Columbian black tailed deer in its habitat The Columbian black tailed deer (Odocoileus hemiounus columbianus) can be found in the western coast of the North America, anywhere from northwestern California all the way up to southwestern Alaska (Kucera and Mayer 1999). The habitat mainly consists of blossoms, deer brush, oaks and some open areas with perennial grass (Kucera and Mayer 1999). This type of habitat is most abundant in the Klamath National for forest (Kucera and Mayer 1999). This National Forest is home to about 2 million acres of land that bestrides the border of California and Oregon (Kucera and Mayer 1999). The geography of this environment is the foothills of the west coast, which is usually cool in temperature with vast amounts of rain (Mihaylo 2009). This environment is provides perfect conditions compared to the other species in the genus (Mihaylo 2009). The other species of deer can be found in the surrounding areas but usually don’t take up the same niche in the environment (Mihaylo 2009). The black tailed deer can be found on the edge of the forest mostly because the underbrush and the grasslands are existent, where as you get deeper this type of landscape diminishes due to the dark forest (Mihaylo 2009).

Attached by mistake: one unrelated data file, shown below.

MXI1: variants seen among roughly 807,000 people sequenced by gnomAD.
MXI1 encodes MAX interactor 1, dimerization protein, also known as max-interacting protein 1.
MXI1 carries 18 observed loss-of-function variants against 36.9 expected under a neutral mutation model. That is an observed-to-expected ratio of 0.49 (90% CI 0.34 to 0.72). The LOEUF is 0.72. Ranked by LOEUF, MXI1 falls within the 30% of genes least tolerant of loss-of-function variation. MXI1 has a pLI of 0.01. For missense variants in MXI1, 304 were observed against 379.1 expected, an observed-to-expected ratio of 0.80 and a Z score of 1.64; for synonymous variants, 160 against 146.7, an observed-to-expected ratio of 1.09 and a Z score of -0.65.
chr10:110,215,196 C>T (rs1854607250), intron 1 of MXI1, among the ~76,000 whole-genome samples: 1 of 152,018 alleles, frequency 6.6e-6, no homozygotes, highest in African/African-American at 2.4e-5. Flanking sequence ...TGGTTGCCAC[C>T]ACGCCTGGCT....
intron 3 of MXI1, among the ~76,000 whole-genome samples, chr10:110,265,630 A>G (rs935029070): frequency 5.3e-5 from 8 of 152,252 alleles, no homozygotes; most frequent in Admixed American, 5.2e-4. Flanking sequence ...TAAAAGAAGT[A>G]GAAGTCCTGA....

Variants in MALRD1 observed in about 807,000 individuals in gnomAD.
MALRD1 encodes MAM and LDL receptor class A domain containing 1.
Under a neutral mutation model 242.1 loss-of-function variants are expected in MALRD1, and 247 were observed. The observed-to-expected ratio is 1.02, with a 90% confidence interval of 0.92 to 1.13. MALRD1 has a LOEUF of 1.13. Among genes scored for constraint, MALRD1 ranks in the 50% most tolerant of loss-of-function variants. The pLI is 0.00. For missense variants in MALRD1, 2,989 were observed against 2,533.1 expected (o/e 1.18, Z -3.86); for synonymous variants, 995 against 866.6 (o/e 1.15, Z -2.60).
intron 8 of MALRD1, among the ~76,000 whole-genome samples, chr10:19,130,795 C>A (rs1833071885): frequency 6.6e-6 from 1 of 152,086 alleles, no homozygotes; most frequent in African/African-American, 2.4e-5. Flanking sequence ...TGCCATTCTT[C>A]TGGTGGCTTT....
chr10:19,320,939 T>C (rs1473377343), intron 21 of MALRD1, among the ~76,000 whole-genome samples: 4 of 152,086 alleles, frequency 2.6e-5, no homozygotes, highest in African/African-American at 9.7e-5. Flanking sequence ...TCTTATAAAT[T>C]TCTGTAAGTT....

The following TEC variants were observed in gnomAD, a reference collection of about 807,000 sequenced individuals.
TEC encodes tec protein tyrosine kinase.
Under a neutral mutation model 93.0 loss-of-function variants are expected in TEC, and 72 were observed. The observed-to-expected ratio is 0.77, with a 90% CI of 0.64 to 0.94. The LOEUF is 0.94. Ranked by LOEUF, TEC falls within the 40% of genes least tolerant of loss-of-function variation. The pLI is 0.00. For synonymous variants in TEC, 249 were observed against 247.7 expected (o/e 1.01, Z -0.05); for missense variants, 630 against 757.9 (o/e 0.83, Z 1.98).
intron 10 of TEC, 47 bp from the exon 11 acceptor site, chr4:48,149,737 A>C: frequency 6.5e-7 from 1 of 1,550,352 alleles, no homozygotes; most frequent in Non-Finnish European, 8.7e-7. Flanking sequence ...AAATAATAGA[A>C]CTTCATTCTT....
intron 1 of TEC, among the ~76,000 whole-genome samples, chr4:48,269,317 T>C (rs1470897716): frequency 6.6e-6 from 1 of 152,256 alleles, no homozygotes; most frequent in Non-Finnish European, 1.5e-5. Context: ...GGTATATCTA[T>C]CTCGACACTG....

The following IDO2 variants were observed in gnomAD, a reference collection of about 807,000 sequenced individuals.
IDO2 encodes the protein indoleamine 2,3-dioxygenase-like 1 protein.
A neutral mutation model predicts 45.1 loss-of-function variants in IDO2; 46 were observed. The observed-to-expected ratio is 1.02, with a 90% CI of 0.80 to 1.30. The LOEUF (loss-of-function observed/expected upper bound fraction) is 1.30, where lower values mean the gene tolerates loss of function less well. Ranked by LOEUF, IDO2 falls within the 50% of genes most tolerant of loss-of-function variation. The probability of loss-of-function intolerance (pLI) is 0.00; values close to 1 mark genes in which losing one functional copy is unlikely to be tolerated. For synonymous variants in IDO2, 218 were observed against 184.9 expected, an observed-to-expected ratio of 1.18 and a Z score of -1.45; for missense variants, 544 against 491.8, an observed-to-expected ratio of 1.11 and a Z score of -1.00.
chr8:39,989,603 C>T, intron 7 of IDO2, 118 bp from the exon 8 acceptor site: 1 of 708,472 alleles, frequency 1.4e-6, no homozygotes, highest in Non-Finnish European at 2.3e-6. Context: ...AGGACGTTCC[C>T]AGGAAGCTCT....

Most Ideal Habitats
            The habitat that is most likely to be inhabited by the mule deer in general, this includes the Columbian black tailed deer, is a very highly dense in shrubs not only to eat but for protection from predators. As shown by the picture the yellow region is where the Colunmbian black tailed deer usually is. A study done by The Journal of Wild Management (2004) shows that the environment doesn’t necessarily correlate with attacks. In other words the attacks happen weather the deer are eating or not the mountain lion has a kill percentage of about 66% (Blecich et al. 2004). Habitat does indeed take a big part in the deer's reactions and alertness because when it is out in the open field it is on a much higher alert level then when it is feeding (Blecich et al. 2004). The Journal of Wild Management (2004) also stated that the deer seem to feel more comfortable while feeding because the sense of danger that they have has gone down, and although they didn’t find enough evidence to determine anything but it did seem that when the deer are in the bushes the risk level is less then being out in the open (Blecich et al. 2004).

             Another factor that plays a great roll in habitat selection for deer is the presence of Oak (Bower and Kie 2009). It has been shown that deer live near live oak anywhere form 80-70 percent of their lifetimes. This is mostly why the Columbian Black Tailed Deer live in the area that they do because it provides high quality foliage for the deer with of course, limitations to the resource in the winter (Bower and Kie 2009). It was also tested


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